Template site for Rotary Clubs in GB & I
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There are several elements common to the different areas of the template website - club or districts, member or administrator. Issues such as 'how to add a link to a file' or 'how to embed a picture in a page' to name but two.
Note that some of the buttons available may be slightly different - a club administrator, for example, has more options available (a member cannot upload files/pictures, but can add pages).
Many of these tutorials have been written by club administrators using the template - if you have something you'd like to see, please contribute!
Uploading images and files
Images can be uploaded to all pages, but some care is needed before you try to upload;
- Pictures should 800 x 600 pixels
- .jpg format.
Files - .pdf, .doc, videos etc must be less than 2Mb, if they are larger, consider using YouTube for videos or 'Yudu' for pdf files (many districts put their magazines on Yudu).
- if uploading a text only file, e.g. council meeting minutes, youdon't really need to be uploading a fiel anyway1 Copy and paste the text into the body of rhe page. people don't need to wit for an attachment to open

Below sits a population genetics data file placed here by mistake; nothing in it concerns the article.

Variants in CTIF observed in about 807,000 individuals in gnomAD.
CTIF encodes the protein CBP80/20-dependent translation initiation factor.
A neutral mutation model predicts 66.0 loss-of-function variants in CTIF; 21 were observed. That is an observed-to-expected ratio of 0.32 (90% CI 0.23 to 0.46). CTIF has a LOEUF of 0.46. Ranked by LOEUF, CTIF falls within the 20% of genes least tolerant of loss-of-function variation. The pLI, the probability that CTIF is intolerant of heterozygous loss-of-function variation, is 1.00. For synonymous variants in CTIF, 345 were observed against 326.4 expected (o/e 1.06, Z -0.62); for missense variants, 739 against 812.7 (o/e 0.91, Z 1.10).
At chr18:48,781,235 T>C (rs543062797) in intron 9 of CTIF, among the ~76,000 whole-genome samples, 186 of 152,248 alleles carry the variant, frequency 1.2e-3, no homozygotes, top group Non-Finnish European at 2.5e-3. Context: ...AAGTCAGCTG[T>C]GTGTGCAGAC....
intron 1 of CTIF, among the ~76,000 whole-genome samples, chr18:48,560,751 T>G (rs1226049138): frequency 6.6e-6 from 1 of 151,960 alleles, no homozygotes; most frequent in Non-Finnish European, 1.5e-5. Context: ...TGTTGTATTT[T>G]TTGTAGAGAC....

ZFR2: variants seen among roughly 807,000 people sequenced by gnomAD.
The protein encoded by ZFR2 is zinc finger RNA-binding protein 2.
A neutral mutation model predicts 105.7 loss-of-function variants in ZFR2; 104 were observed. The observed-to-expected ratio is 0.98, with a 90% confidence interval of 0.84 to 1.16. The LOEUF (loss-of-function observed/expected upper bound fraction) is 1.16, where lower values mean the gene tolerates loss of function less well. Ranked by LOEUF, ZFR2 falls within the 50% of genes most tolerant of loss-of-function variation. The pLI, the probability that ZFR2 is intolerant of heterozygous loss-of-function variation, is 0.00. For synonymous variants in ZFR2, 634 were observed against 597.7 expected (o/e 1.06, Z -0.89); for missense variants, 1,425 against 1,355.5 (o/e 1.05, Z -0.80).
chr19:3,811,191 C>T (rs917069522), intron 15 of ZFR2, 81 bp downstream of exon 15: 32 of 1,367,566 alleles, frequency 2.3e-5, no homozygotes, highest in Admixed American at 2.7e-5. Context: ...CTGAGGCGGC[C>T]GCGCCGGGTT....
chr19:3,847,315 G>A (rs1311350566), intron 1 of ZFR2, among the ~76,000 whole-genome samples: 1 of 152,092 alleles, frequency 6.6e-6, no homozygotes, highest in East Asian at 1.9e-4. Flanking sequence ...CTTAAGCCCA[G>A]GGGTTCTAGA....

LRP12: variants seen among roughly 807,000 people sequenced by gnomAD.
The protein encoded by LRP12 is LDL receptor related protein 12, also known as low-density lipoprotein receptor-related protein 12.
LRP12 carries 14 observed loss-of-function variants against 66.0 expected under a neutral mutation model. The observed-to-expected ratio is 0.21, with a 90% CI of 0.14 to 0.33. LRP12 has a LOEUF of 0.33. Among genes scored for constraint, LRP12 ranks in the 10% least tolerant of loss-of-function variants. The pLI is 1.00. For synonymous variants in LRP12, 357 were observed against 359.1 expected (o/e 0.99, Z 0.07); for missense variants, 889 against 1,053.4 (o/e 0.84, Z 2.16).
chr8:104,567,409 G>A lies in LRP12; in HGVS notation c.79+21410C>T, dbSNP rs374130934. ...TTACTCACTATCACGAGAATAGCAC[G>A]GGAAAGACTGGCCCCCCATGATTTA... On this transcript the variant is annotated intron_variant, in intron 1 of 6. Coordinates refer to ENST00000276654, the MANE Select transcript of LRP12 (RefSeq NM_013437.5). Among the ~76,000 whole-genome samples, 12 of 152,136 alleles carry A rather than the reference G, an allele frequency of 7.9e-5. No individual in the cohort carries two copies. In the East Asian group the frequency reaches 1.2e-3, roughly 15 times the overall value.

- Convert Word files to pdf format if possible; .docx, for example, will not load - and many people can't open them, whereas pdf is the standard file format for the Internet.
Firstly, it is important to address the question of ‘who is the website for?’
Is it for club members, other Rotarians from the district/RIBI/worldwide or for non-Rotarians? It’s really a combination of all three. The members area is where information that is only relevant to club members should be stored – an area that non-members can’t access. All your public pages should be addressing the other two audiences, but mainly the non-Rotarian general public – most of whom will be in your locality (where your potential members can be found).
Know your club and the likely audience from where you may get members. If your club meets at lunch-time, you may be appealing to people who work in the area, but live elsewhere and know little about the area as a whole. If you are based in a town where the population changes frequently information about your locality can be useful and accompanying text can give useful insight into what club values are.
It exists to inform the general public about the activities of your club. It might also act as a tool to attract new members, a 24-hr advert for your club. There are many more reasons to have a website, but that is not the purpose of this article.
This begs the question – ‘is my site attractive and likely to be of interest to non-Rotarians?
Visual Impact is important
Before writing your page to the web, decide on content and design.
- As well as preparing text in a word document, it can be helpful to make a rough sketch as to how you would like your page to look.
- Headlines and strong images attract attention, so choose both carefully!
- "a picture speaks 1,000 words", but only positively if it is a good one!
- Most visitors to web pages will scan the page for a couple seconds before deciding whether or not to hit the ‘back’ button. You have to grab their attention in that time.